As Christians we have a responsibility for the way we behave, and the way we treat others. Imagine what life would be like if everyone assumed their responsibility to become like Christ in their character, and committed themselves to meet the needs of everyone around them. It would utterly transform our world!

I don’t think any of us would disagree with that. The big question is why we fail to live it out.

Being aware of our own sins

All too often we are very aware of the character failures of others while appearing blind to our own. We notice the speck of dust in our brother’s eye, whilst ignoring the whopping great plank that sticks out of our own eye.
In the Bible, whenever anyone has a powerful encounter with God, their response is to suddenly become aware of their own sinfulness, rather than the sinfulness of others. For example, when Isaiah has a vision of God in the Temple his immediate response is “Who to me! I am ruined! For I am a man of unclean lips, and I live among a people of unclean lips, and my eyes have seen the King, the Lord Almighty.” In Luke 5, when Jesus appropriated Peter’s boat to speak to the crowds that had gathered, Jesus orders Peter to put out into deep water, and let down the nets for a catch. Peter obeys, and starts pulling in fish after fish, and he suddenly realises that someone very special was in the boat with him, and his response is “Go away from me Lord, I am a sinful man.”

When we see God for who He is, we become much more aware of our own failings and short comings. But when our relationship with God is lukewarm, we tend to overlook our own sin and see the sin of others. And so when people don’t match up to our expectations, we have a tendency to say they are doing wrong and point it out.

Focus on responsibilities rather than rights

In every relationship we have both rights and responsibilities, the temptation we are often faced with, is to focus more on our rights rather than our responsibilities.

For example, do parents have a right to expect their children to be obedient? Or do they have a responsibility to bring them up lovingly and wisely? Do we have the right to criticise others, or do we have a responsibility to relate to one another with the same love and acceptance we have received from Christ?

The answer is that as Christians we need to focus on our responsibilities before our rights, which in today’s climate is very counter cultural.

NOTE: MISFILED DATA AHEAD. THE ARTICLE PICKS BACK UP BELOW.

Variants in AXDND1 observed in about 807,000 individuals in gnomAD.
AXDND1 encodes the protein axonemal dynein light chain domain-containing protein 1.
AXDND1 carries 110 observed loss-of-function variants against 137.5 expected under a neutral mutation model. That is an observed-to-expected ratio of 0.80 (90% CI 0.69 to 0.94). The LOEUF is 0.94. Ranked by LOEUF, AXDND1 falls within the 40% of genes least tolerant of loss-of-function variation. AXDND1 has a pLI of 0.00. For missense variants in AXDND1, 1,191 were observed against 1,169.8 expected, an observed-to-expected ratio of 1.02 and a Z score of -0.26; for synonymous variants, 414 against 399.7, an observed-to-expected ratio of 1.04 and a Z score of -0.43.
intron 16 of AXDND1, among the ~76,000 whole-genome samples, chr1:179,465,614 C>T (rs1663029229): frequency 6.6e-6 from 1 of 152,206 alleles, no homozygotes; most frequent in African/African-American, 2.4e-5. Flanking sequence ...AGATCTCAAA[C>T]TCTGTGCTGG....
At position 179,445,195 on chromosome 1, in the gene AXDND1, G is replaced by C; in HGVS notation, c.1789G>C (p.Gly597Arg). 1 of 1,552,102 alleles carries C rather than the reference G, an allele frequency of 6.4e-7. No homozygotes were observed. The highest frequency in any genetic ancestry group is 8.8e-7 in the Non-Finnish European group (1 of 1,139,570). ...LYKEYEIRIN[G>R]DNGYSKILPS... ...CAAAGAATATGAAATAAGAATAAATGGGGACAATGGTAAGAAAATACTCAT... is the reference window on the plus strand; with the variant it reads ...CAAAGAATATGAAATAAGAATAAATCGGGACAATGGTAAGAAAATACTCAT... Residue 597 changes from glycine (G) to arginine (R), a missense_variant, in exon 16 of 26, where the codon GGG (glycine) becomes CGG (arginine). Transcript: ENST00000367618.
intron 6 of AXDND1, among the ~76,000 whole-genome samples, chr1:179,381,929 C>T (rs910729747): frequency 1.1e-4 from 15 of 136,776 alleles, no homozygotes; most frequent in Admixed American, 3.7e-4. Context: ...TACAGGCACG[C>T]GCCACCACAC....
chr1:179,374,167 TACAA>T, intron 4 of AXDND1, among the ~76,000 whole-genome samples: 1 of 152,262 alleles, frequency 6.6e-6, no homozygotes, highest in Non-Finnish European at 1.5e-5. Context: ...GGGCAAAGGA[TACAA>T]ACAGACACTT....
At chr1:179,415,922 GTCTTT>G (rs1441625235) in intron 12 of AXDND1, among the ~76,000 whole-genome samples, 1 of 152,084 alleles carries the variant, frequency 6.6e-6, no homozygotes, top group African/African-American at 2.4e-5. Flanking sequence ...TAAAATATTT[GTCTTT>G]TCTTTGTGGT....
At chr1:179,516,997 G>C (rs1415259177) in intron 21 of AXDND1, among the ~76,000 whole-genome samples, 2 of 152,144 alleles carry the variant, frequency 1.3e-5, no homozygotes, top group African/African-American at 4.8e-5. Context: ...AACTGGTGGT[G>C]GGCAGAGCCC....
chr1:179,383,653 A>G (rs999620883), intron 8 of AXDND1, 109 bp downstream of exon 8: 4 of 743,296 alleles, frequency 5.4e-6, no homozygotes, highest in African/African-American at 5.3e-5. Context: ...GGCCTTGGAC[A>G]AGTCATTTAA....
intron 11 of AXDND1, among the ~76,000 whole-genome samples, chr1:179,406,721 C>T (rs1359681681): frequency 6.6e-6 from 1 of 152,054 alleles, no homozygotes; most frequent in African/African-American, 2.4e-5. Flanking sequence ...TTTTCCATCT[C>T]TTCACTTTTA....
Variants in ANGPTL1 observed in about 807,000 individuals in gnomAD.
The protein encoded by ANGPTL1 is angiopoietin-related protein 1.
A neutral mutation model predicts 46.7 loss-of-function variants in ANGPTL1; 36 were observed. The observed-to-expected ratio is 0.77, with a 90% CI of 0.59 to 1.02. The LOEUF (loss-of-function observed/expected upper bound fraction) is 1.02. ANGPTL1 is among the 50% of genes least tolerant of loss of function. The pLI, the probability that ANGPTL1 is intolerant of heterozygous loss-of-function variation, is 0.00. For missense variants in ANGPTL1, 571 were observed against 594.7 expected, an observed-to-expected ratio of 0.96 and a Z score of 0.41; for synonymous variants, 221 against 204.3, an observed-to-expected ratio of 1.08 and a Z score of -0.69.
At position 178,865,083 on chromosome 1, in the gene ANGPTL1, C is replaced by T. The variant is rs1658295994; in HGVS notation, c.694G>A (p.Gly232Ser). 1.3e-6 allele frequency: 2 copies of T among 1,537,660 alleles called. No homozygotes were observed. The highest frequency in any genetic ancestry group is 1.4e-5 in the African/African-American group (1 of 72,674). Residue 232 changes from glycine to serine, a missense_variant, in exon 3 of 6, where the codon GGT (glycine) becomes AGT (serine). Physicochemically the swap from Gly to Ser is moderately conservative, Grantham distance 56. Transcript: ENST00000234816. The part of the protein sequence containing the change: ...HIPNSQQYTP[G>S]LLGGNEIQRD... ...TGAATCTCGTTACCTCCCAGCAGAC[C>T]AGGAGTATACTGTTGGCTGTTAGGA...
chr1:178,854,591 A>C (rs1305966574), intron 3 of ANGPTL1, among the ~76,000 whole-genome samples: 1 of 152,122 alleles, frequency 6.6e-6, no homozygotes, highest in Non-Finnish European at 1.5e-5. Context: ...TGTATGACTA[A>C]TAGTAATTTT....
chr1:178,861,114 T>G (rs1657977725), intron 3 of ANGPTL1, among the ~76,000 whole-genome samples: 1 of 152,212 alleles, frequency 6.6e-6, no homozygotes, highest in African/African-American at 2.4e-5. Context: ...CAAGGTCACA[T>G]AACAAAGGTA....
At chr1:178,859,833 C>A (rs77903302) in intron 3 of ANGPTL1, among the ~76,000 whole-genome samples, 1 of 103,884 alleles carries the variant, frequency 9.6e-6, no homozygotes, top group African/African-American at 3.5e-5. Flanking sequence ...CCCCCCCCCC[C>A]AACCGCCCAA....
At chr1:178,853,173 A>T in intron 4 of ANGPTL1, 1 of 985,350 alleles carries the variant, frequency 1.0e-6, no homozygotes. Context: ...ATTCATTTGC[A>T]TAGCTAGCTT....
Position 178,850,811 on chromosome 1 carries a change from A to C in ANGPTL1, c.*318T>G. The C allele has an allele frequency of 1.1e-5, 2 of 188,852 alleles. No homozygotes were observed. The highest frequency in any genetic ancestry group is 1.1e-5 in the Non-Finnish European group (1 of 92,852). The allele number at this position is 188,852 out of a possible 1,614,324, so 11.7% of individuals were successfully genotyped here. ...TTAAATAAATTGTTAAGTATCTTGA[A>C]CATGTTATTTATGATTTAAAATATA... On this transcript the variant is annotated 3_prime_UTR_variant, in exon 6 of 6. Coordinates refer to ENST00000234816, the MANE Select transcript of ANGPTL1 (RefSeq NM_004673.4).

Paul in Ephesians 4:29 says, “Do not let any unwholesome talk come out of your mouths, but only what is helpful for building up others according to their needs, that it might benefit those who listen.” As Christians we are to build one another up. One of the most destructive and damaging forces that we see at work in the world, and also within church is gossip. I have known many situations where tremendous harm has been caused by gossip, and there should be absolutely no place for it in the life of the church. But yet the temptation to gossip is very strong indeed.

There were four vicars who met for a friendly gathering. During the conversation one vicar said, "Our people come to us and pour out their hears, confess certain sins and needs. Let's do the same. Confession is good for the soul." In due time all agreed. One confessed he liked to go to movies and would sneak off when away from his church. The second confessed to liking to smoke cigars and the third one confessed to liking to play cards. When it came to the fourth one, he wouldn't confess. The others pressed him saying, "Come now, we confessed ours. What is your secret or vice?" Finally he answered, "It is gossiping and I can hardly wait to get out of here."

The evangelist Billy Graham once said, “A real Christian is a person who can give his pet parrot to the town gossip!”

As Christians the three essential rules we need to remember when speaking about others are:
1 Is it true?
2 Is it kind?
3 Is it necessary?

When we are attacked